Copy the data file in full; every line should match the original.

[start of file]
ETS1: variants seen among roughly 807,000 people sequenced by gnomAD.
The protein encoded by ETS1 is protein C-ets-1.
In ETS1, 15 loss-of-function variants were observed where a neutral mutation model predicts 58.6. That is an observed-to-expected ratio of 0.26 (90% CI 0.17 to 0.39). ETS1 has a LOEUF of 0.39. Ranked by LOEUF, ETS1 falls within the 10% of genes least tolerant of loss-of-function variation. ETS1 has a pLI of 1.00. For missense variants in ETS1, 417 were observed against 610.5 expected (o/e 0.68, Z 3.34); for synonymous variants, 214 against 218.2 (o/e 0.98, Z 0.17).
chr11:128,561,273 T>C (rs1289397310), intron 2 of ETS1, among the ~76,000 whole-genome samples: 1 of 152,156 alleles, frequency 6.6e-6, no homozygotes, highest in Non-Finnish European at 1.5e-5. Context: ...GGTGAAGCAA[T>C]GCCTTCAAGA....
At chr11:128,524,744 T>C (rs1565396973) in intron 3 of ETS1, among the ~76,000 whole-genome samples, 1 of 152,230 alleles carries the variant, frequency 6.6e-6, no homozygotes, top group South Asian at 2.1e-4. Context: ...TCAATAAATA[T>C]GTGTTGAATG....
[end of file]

ETS1: variants seen among roughly 807,000 people sequenced by gnomAD.
The protein encoded by ETS1 is protein C-ets-1.
In ETS1, 15 loss-of-function variants were observed where a neutral mutation model predicts 58.6. That is an observed-to-expected ratio of 0.26 (90% CI 0.17 to 0.39). ETS1 has a LOEUF of 0.39. Ranked by LOEUF, ETS1 falls within the 10% of genes least tolerant of loss-of-function variation. ETS1 has a pLI of 1.00. For missense variants in ETS1, 417 were observed against 610.5 expected (o/e 0.68, Z 3.34); for synonymous variants, 214 against 218.2 (o/e 0.98, Z 0.17).
chr11:128,561,273 T>C (rs1289397310), intron 2 of ETS1, among the ~76,000 whole-genome samples: 1 of 152,156 alleles, frequency 6.6e-6, no homozygotes, highest in Non-Finnish European at 1.5e-5. Context: ...GGTGAAGCAA[T>C]GCCTTCAAGA....
At chr11:128,524,744 T>C (rs1565396973) in intron 3 of ETS1, among the ~76,000 whole-genome samples, 1 of 152,230 alleles carries the variant, frequency 6.6e-6, no homozygotes, top group South Asian at 2.1e-4. Context: ...TCAATAAATA[T>C]GTGTTGAATG....